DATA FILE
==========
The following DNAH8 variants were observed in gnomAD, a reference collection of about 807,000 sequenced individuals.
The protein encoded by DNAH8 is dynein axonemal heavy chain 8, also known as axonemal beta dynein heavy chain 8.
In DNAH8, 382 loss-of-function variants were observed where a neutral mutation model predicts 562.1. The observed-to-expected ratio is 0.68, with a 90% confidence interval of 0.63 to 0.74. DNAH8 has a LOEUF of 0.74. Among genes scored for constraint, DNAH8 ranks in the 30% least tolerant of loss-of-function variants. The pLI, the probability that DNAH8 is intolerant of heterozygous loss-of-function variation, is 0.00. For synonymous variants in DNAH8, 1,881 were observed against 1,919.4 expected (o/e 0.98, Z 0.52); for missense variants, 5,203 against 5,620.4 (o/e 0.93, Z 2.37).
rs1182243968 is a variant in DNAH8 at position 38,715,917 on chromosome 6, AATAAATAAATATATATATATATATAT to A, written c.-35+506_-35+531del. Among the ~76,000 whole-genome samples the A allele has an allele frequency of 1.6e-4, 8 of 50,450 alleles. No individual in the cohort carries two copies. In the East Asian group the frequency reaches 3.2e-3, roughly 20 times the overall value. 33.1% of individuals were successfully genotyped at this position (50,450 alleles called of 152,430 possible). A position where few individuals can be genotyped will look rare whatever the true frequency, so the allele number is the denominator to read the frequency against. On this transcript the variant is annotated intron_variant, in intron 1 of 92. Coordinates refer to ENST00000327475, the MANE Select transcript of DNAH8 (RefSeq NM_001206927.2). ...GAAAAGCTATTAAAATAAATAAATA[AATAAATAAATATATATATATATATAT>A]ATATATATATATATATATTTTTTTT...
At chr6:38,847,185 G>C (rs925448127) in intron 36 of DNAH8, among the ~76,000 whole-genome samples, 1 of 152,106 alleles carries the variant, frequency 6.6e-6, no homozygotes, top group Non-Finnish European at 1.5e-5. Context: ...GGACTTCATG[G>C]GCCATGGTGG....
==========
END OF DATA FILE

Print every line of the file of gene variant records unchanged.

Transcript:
The following DNAH8 variants were observed in gnomAD, a reference collection of about 807,000 sequenced individuals.
The protein encoded by DNAH8 is dynein axonemal heavy chain 8, also known as axonemal beta dynein heavy chain 8.
In DNAH8, 382 loss-of-function variants were observed where a neutral mutation model predicts 562.1. The observed-to-expected ratio is 0.68, with a 90% confidence interval of 0.63 to 0.74. DNAH8 has a LOEUF of 0.74. Among genes scored for constraint, DNAH8 ranks in the 30% least tolerant of loss-of-function variants. The pLI, the probability that DNAH8 is intolerant of heterozygous loss-of-function variation, is 0.00. For synonymous variants in DNAH8, 1,881 were observed against 1,919.4 expected (o/e 0.98, Z 0.52); for missense variants, 5,203 against 5,620.4 (o/e 0.93, Z 2.37).
rs1182243968 is a variant in DNAH8 at position 38,715,917 on chromosome 6, AATAAATAAATATATATATATATATAT to A, written c.-35+506_-35+531del. Among the ~76,000 whole-genome samples the A allele has an allele frequency of 1.6e-4, 8 of 50,450 alleles. No individual in the cohort carries two copies. In the East Asian group the frequency reaches 3.2e-3, roughly 20 times the overall value. 33.1% of individuals were successfully genotyped at this position (50,450 alleles called of 152,430 possible). A position where few individuals can be genotyped will look rare whatever the true frequency, so the allele number is the denominator to read the frequency against. On this transcript the variant is annotated intron_variant, in intron 1 of 92. Coordinates refer to ENST00000327475, the MANE Select transcript of DNAH8 (RefSeq NM_001206927.2). ...GAAAAGCTATTAAAATAAATAAATA[AATAAATAAATATATATATATATATAT>A]ATATATATATATATATATTTTTTTT...
At chr6:38,847,185 G>C (rs925448127) in intron 36 of DNAH8, among the ~76,000 whole-genome samples, 1 of 152,106 alleles carries the variant, frequency 6.6e-6, no homozygotes, top group Non-Finnish European at 1.5e-5. Context: ...GGACTTCATG[G>C]GCCATGGTGG....